With his access to vast wealth and proximity to incredible power, Jeffrey Epstein, the predatory billionaire at the center of an international sex-trafficking ring, is a uniquely gripping subject for an investigative documentary. So, it was hardly surprising that Netflix jumped on a four-part documentary series, directed by Lisa Bryan and executive produced by Joe Berlinger (Paradise Lost trilogy) and James Patterson, the author of countless bestsellers and a non-fiction book on the subject. While Epstein died under mysterious circumstances while in prison in 2019, viewers actively searching for conspiracy fodder with this doc will instead find a carefully sourced, self-consciously scrupulous attempt to untangle some of the mysteries in Epstein’s biography, while also giving voice to the many young women he abused. Filthy Rich is an infuriating watch, as it largely leaves the figure it’s about unknowable, but the survivors are heard and understood. Their stories shine a light on a case that’s still yet to be fully cracked.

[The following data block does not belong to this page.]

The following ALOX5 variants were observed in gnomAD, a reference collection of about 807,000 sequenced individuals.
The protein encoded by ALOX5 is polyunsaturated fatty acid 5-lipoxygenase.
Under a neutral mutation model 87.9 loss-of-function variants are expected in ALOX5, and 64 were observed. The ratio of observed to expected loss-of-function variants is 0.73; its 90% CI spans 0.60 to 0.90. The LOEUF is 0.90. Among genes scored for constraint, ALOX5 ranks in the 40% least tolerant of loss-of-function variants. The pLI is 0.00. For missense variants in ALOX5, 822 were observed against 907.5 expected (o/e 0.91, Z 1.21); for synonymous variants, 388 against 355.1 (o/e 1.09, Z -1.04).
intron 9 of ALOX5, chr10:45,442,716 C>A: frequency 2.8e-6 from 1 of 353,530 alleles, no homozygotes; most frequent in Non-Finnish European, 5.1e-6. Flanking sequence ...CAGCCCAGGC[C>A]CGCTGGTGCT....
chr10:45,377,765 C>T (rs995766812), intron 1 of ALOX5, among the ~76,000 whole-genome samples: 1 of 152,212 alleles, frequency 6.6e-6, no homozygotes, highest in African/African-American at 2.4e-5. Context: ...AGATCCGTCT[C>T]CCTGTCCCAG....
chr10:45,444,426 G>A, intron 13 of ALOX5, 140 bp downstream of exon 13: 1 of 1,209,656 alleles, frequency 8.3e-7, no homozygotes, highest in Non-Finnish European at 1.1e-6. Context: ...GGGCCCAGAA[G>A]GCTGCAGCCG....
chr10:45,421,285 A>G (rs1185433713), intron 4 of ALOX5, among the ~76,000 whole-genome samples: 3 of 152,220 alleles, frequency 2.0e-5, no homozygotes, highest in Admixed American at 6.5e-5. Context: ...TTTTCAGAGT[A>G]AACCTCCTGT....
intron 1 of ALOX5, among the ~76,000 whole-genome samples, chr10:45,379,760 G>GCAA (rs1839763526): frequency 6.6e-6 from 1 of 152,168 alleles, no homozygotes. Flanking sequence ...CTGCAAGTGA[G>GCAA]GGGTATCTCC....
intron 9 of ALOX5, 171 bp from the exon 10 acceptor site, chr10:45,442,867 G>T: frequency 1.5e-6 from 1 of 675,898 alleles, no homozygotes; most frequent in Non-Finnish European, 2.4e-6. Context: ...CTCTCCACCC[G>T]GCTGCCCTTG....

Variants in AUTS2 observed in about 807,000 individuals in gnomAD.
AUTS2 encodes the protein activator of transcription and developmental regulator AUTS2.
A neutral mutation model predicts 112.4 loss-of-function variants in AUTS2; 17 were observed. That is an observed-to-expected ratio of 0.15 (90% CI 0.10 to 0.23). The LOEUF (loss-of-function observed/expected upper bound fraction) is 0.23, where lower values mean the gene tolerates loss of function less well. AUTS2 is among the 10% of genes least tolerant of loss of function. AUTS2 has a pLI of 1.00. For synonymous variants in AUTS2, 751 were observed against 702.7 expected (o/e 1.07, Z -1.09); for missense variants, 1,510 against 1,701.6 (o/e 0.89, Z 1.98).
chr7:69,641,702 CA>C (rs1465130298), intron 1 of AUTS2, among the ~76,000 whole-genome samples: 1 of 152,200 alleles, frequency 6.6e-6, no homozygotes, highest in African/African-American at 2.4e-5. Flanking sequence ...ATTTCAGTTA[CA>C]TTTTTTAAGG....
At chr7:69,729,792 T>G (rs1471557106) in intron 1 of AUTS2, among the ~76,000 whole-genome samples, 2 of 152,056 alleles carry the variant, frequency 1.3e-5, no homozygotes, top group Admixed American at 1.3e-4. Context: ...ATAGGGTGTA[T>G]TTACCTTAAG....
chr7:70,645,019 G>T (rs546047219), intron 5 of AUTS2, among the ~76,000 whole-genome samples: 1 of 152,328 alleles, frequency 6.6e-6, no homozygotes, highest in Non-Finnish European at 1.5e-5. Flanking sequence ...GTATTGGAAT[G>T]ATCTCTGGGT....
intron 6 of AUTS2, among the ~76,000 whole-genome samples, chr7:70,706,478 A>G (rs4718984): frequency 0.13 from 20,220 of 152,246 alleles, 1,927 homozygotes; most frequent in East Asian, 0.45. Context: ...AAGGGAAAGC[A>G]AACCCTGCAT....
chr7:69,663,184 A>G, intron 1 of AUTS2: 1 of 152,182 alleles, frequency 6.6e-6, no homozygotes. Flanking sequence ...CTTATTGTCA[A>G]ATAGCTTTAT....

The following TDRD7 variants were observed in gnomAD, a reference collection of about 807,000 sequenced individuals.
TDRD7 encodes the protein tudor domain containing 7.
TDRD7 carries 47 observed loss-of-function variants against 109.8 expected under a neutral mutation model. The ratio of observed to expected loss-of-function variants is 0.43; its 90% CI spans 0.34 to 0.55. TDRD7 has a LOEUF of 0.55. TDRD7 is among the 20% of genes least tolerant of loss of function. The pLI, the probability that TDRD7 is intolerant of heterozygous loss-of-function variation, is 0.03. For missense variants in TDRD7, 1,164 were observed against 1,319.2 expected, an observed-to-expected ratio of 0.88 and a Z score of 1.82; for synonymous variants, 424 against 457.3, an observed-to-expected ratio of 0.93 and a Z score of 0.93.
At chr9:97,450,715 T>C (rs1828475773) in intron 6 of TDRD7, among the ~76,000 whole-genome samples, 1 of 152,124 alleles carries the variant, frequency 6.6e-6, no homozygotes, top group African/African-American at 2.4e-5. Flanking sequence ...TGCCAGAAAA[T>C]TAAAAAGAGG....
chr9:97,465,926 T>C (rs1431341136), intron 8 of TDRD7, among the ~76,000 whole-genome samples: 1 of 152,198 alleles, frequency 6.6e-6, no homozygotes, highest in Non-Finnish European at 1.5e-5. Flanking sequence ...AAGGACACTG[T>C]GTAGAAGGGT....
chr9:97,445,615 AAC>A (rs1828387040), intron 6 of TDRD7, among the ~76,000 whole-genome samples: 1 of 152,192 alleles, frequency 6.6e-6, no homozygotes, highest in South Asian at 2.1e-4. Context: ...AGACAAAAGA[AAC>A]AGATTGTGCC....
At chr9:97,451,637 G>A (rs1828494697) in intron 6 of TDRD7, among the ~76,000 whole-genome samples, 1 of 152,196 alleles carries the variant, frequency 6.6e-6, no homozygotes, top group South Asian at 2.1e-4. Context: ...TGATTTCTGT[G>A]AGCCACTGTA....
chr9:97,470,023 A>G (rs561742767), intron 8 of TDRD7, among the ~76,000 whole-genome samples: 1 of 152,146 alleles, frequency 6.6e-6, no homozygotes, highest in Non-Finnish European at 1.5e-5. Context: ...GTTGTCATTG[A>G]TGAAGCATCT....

10. Killer Inside:The Mind of Aaron Hernandez
Everything changed for the former New England Patriots player when he was investigated and charged for murder. This three-part documentary uses court room footage, phone calls, and interviews to show how Aaron Hernandez went from a star athlete to a convicted killer, who ultimately died in prison.
11. Don’t F**k With Cats: Hunting an Internet Killer
Meet Luka Magnotta, who shared videos of the ways he harmed and killed animals online for the world to see. After stumbling on the videos, a group of online sleuths launched a manhunt to find him and bring him to justice. Only once they started digging, they find he is responsible for one of Canada’s most infamous crimes, the murder of Lin Jun.
12. The Keepers (2017)